Three-Point Play: Rylan Griffen, Ramean Hinton, Kai Sotto
Why is class of 2022 shooting guard Rylan Griffen one of the hottest names in Texas? The G League has added another one and the lack of interest in a 2020 wing from Chicago continues to defy logic. Read all about it in today’s edition of the Three-Point-Play.
2022 Rankings: Top 75
1. GRIFFEN STOCK IS HEATING UP IN TEXAS
Coming off of a season during which he averaged 22 points, five rebounds and four assists per game at Richardson (Texas) High, 6-foot-5 two guard Rylan Griffen is one of hottest prospects from the class of 2022.
A big-time athlete who is armed with a dangerous pull-up jumper, Griffen already ranks No. 53 nationally in his class and was poised to make another climb. If you don’t believe me, look at the offer list that already includes the likes of Creighton, DePaul, Kansas, Kansas State, Mississippi, Oklahoma State, SMU, TCU and Texas A&M while Baylor and Texas Tech have been heavily involved.
I checked in with Griffen, who said that improving as a shooter was a big focus during his sophomore season.
"I really tried to elevate my shot when people’s hands are in my face this year and it really helped me score in multiple ways,” said Griffen. “For next season I’m working on getting a lot stronger so I can easily get into the paint and finish.”
Whether more coaches will get to see him this summer is up in the air, but when they do Griffen wants them to know something very important about him.
“I think they should know I’ll do anything they ask me to win the game,” said Griffen. “I like to win and it feels good winning, so I’ll do anything to make that happen.”
So far, Griffen has seen the campuses of Baylor and Texas Tech. Once he’s able to get back on the road again he says that he and his family have discussed Kansas, Kansas State and Texas A&M as some programs they would like to check in on.
2. RAMEAN HINTON REMAINS AVAILABLE FOR THE TAKING
I get that the cupboard of talent in the class of 2020 is pretty empty at this point and I understand that many coaches have chosen to go the transfer route to fill out open scholarships. Still, I don’t understand how a player like Ramean Hinton of Chicago (Ill.) Curie isn’t picking up more interest.
Originally signed to play at Southeast Missouri State, the 6-foot-5 Hinton was one of the biggest steals in the class of 2020. A true junkyard dog who ranks amongst the top-40 wing players in the senior class, he’s an intense competitor who makes things happen on drives to the rim and projects as a potentially big-time defender.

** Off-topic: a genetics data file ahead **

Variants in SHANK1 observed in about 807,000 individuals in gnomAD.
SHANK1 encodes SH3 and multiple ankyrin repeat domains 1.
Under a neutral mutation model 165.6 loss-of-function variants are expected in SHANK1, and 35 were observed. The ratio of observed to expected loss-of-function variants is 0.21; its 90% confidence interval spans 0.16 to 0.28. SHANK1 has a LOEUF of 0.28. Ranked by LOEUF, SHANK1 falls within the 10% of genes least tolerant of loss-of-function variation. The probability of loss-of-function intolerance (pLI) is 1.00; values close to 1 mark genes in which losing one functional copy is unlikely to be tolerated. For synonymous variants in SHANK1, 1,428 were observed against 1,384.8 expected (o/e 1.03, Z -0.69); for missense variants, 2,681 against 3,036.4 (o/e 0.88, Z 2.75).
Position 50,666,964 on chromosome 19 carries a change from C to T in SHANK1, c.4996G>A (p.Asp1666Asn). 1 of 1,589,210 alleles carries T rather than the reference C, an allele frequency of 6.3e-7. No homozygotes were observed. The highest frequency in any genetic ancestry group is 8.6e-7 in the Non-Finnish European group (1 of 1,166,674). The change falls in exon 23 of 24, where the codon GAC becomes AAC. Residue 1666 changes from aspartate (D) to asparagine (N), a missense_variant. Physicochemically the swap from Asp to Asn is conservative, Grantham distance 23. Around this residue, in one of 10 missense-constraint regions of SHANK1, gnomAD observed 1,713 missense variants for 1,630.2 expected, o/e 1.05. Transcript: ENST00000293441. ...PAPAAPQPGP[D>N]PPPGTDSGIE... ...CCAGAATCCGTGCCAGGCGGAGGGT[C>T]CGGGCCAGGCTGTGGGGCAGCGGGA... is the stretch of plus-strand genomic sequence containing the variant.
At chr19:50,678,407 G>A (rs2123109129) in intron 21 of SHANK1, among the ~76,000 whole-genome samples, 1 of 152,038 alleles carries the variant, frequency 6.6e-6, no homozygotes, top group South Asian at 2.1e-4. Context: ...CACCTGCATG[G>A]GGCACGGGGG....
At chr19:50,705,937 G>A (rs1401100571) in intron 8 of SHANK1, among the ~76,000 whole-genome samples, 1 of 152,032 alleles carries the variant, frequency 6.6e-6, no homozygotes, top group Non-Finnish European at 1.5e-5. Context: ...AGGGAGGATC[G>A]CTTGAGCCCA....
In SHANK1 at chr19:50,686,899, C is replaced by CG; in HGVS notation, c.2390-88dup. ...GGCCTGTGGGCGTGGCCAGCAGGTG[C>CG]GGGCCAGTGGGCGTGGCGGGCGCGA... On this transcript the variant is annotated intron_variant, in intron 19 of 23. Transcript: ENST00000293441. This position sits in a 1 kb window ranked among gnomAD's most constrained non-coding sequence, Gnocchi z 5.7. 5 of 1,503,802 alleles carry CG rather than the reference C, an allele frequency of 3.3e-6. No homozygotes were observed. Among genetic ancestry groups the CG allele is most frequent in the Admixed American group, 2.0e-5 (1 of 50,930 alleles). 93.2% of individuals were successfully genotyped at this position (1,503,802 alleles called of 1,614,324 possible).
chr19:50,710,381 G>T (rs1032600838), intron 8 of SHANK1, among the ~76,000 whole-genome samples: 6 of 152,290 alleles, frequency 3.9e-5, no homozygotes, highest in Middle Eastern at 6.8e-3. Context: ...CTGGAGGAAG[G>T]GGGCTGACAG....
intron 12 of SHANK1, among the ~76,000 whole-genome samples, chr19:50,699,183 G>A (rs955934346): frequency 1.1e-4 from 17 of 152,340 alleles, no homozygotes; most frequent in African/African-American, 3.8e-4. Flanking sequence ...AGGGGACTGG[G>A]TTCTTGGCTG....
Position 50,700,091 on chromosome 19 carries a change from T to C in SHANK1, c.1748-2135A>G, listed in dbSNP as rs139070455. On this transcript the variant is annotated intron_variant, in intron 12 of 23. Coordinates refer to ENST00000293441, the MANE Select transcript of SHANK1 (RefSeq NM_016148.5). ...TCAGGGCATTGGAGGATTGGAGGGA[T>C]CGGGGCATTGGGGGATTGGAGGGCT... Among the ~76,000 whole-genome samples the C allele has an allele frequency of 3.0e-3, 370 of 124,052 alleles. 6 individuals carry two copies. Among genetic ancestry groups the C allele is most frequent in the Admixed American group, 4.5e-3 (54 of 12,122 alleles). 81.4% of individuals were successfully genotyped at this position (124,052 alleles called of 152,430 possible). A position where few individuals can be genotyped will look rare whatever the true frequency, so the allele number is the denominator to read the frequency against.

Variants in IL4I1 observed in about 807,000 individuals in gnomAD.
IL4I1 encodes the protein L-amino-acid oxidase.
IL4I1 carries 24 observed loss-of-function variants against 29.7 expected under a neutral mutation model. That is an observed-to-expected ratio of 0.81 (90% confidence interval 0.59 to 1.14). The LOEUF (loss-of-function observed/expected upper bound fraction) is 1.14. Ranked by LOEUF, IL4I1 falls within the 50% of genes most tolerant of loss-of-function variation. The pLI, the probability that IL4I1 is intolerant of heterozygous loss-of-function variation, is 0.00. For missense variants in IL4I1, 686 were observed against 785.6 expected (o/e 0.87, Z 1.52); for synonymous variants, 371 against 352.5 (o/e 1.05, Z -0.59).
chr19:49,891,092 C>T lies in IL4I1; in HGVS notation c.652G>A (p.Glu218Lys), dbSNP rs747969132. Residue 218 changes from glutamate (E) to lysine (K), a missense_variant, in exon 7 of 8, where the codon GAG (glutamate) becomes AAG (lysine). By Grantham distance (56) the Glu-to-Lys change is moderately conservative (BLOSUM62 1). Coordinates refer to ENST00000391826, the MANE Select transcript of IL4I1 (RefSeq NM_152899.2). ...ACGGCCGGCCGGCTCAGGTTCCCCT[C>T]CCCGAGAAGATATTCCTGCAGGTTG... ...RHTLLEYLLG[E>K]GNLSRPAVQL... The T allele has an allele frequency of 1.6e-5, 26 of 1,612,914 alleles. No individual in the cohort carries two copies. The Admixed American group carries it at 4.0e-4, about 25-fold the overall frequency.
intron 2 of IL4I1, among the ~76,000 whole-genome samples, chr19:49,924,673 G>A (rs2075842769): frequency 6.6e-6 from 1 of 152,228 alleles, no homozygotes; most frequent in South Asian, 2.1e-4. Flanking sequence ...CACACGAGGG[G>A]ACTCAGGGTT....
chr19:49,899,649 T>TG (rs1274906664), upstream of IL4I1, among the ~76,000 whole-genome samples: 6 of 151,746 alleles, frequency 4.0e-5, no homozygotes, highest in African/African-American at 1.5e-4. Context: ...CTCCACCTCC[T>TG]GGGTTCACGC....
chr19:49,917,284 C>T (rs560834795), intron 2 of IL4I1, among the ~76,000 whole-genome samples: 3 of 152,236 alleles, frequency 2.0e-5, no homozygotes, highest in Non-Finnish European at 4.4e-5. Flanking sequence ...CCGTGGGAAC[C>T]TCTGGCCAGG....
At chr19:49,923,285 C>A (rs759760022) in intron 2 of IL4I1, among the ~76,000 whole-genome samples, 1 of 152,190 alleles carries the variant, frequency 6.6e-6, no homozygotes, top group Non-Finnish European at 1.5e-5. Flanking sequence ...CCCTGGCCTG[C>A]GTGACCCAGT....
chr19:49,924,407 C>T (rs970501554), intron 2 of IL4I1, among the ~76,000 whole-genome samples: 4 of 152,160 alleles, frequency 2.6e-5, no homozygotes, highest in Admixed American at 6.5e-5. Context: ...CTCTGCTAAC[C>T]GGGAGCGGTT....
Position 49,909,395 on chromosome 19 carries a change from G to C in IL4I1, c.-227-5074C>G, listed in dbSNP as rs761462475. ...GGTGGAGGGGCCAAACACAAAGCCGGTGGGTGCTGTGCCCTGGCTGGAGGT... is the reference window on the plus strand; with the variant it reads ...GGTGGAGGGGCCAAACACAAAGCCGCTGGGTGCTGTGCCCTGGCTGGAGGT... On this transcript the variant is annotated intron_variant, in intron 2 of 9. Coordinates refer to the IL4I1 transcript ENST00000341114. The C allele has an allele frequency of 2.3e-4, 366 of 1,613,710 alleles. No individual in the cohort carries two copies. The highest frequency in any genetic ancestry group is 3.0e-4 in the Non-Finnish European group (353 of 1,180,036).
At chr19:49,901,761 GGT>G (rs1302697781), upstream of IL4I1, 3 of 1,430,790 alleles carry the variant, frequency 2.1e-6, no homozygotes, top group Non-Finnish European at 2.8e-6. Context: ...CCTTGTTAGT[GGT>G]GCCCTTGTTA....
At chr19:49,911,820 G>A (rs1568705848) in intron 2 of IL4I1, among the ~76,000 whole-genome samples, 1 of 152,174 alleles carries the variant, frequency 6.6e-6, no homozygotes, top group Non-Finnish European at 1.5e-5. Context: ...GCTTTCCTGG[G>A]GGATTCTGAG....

When he first opened things up in March, Hinton heard from Illinois, Iowa State and Tulsa while SEMO tried to get him back in the fold. Of late, Colorado State, Missouri State and Wisconsin-Green Bay have been kicking the tires a bit but nobody has really been going all out. I feel programs from the upper mid-major to even high major level would be wise to do some more checking on Hinton because there’s still time to land a guy who could really be a quality late addition.
3. SOTTO THE LATEST TO GO G LEAGUE ROUTE
The G League appears to have found their next player from the class of 2020 in seven-footer Kai Sotto.
On Monday, Shams Charania of The Athletic reported that Sotto is expected to be the next to sign on for the G League’s new pathway program instead of going to school.
Originally hailing from the Republic of the Philippines, Sotto came to the United States to play at the Skills Factory in Atlanta, Sotto had several high-level programs including Auburn, Georgia Tech, Kentucky and others flirt with him during the winter. However, it became apparent by mid-winter that he had little intention of playing college basketball.
Currently ranked No. 70 in the class of 2020, Sotto isn’t ranked nearly as highly as five-stars Jalen Green, Daishen Nix and Isaiah Todd who already chose to skip out on college, but that doesn’t mean he can’t make it work. He just may need more time. He’s a fluid athlete, he is a plus shot-blocker and he has touch on his shot. He just needs more strength and more time to adjust to the American game.